Filipino-Canadian Discovers Old Family Heirloom is Actually a 1000-Year-Old Giant Pearl Worth $90 Million

A Filipino-Canadian man discovered that an heirloom that has been in his family for decades was actually a 1,000-year-old pearl worth around $90 million (4.74 billion Philippine pesos).

Abraham Reyes, who is based in Ontario, Canada, thought the item was a novel home ornament that resembled a giant tooth. It was only after he brought the mineral to appraisers out of curiosity when he confirmed that it was a pearl.

Reyes told Inquirer USA that the pearl originated from a giant clam his grandfather bought from a fisherman in the Philippines in 1959. His family has kept it as an heirloom ever since. 

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The Giga Pearl- World’s Largest Certified Pearl, a Natural Blister has been showcased in a special event in Toronto in benefit of Breakfast club Canada. The event was held at the Daniel Spectrum. Their cause help under privilege children who don’t have food to help start their day, be able to eat breakfast so they maybe able to have a better chance succeeding in school. I my self understand having a imbalance and unhealthy diet can affect our moods and our minds. #charityevent #toronto #ontario #canada #sculpture #goldsculpture #gem #collection #art #artist #bethanykrull #danielspectrum #fashionshootextravaganza #therichesclub #luxurylifestyle #qatar🇶🇦 #dubai #london #naturalpearl #giacertified #treasure #oneofakind #highend #moscow #naturalhistory #tokyo #singapore #bahrain #berlin #paris

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He reportedly had the pearl authenticated at the Gemological Institute of America in New York City.

According to the appraisers, the value of the pearl could be worth as much as $90 million (4.74 billion Philippine pesos).

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The Giga Pearl- The Worlds Largest Natural Blister has been paired with a bronze sculpture created by one of New York’s most promising artists, Bethany Krull. Her work has been exhibited internationally and focuses on human interaction with the natural world, how we engage, or more often don’t, with the environment around us. “Seeing this incredible natural pearl and learning of its origins in the Philippine Seas, which are so rich with diversity and teeming with life, inspired me to create a sculpture that not only displays the pearl’s magnificence but also reiterates the idea that the biodiversity and uniqueness of the waters to which it was born need to be respected and preserved. The majestic octopus, a creature thought to be the most intelligent of all invertebrates’ wraps its sensuous and undulating tentacles around the pearl in the most beautiful and protective embrace.” – Bethany Krull #art #privatecollection #bethanykrull #sculptor #sculpture #treasure #gold #gems #pearl #naturalpearl #giacertified #americanartist #newyork #toronto #newyorkart #newyorkartist #aquatic #contemporaryart #Vancouver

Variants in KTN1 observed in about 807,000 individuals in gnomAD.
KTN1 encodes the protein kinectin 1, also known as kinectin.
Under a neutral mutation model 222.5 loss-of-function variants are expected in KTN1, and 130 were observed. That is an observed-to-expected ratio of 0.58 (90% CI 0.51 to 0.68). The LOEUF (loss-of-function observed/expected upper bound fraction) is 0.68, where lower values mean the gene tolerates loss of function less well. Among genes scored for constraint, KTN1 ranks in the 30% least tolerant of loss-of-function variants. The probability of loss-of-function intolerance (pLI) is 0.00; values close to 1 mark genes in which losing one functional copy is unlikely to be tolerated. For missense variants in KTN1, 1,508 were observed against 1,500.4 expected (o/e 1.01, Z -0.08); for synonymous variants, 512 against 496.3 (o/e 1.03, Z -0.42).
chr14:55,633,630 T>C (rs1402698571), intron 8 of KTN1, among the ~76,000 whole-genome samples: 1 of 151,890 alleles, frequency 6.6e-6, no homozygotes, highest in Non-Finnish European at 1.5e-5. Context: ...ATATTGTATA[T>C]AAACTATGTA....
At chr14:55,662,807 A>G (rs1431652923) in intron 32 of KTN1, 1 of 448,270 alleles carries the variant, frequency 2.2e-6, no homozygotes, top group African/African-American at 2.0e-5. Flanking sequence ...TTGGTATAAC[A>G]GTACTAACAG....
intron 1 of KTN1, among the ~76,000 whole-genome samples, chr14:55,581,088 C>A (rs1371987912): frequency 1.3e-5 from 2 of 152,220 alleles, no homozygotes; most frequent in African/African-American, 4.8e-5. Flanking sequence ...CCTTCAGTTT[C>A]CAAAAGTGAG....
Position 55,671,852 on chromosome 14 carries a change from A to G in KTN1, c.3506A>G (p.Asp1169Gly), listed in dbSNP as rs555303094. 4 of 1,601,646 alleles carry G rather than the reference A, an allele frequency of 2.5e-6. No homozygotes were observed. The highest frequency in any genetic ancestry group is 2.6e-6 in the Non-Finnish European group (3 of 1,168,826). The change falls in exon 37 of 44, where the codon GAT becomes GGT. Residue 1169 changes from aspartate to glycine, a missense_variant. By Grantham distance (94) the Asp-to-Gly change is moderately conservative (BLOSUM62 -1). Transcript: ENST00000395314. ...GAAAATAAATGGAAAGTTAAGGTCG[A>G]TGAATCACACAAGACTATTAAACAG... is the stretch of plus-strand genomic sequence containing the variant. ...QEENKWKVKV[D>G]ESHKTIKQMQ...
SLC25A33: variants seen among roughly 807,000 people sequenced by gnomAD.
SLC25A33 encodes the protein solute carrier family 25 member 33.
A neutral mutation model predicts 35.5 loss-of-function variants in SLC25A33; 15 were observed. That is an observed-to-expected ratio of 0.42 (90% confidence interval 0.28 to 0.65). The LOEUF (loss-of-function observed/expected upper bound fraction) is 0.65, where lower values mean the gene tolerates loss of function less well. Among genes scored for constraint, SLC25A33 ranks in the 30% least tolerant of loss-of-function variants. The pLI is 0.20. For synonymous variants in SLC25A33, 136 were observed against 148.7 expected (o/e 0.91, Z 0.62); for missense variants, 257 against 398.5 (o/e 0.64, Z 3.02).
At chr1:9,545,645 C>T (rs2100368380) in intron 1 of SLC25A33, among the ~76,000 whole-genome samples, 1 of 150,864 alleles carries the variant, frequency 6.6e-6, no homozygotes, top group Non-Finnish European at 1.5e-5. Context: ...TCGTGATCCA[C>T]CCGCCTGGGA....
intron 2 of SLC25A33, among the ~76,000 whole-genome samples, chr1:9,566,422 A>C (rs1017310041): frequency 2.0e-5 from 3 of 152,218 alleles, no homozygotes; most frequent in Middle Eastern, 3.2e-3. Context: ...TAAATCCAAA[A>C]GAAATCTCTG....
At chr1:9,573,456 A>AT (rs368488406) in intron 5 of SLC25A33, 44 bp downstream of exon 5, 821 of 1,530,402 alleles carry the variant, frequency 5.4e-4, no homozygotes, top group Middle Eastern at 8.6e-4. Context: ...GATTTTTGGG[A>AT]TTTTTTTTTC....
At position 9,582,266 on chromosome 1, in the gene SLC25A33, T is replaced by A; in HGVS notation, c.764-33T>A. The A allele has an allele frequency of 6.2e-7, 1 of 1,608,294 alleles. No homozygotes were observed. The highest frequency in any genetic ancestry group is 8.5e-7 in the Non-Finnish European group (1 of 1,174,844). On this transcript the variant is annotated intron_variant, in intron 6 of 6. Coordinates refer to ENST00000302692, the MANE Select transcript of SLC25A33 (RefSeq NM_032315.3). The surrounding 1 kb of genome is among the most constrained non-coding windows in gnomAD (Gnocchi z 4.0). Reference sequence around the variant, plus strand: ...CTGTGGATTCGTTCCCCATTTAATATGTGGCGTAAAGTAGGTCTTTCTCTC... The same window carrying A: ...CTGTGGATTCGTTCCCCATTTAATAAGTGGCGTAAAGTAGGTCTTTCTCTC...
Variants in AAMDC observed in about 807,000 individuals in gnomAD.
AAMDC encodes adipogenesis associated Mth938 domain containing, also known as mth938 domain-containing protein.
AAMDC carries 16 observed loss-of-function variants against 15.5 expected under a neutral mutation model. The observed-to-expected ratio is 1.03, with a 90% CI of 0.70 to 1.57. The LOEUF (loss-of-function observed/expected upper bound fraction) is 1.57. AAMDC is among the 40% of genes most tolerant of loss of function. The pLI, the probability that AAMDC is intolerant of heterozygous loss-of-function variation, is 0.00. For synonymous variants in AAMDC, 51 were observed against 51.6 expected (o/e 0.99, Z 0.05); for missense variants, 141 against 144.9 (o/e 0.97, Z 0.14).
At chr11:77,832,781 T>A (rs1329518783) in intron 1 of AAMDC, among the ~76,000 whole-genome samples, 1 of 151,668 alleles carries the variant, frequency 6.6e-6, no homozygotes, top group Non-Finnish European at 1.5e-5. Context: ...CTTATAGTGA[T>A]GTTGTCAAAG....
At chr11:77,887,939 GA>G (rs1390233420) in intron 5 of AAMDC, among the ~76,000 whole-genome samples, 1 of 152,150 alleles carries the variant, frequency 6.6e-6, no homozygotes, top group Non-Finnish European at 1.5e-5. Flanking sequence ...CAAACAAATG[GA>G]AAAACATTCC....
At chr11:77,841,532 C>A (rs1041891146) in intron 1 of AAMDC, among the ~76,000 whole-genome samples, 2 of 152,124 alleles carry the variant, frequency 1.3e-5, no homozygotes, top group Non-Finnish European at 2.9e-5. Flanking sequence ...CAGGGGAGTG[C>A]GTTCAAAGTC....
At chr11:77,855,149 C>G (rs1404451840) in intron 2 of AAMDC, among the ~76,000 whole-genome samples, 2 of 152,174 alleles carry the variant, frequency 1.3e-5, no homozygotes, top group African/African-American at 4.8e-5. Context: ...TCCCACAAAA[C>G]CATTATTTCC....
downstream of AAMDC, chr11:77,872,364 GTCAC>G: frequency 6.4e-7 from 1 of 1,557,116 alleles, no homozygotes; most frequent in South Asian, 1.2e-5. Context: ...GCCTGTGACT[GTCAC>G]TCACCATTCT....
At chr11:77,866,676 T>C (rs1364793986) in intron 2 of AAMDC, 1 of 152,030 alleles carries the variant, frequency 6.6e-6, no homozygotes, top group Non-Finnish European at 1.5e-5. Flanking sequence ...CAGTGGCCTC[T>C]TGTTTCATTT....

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The heirloom, which Reyes now calls the “Giga Pearl,” currently sits on a custom-made 22-carat gold holder shaped like an octopus that he had commissioned.

At 60.957 pounds, Reyes’ Giga Pearl easily outweighs the 14.1-pound “Pearl of Lao Tzu” which was the previous record holder for the world’s largest pearl. The Pearl of Lao Tzu was discovered in Palawan, Philippines in 1939.

The Giga Pearl’s impressive size and quality, however, are still no match for the “Pearl of Puerto Princesa” which weighs an incredible 74.9 pounds.

The giant pearl was also found in Palawan by a fisherman, who kept the giant clam and the pearl inside it as a “lucky charm” under his bed for a decade.

He only discovered it was worth $100 million in 2016 after he decided to take it to his aunt when he was about to move to a new residence.

His aunt, who also happened to be the local tourism department chief, had the pearl appraised, according to Town & Country.

While the “Pearl of Puerto Princesa” remains the property of the unnamed fisherman, he has lent it to the local government of Puerto Princesa City which is keeping it on display at the city hall.

Featured Image via Instagram / thegigapearl (Left, Right)

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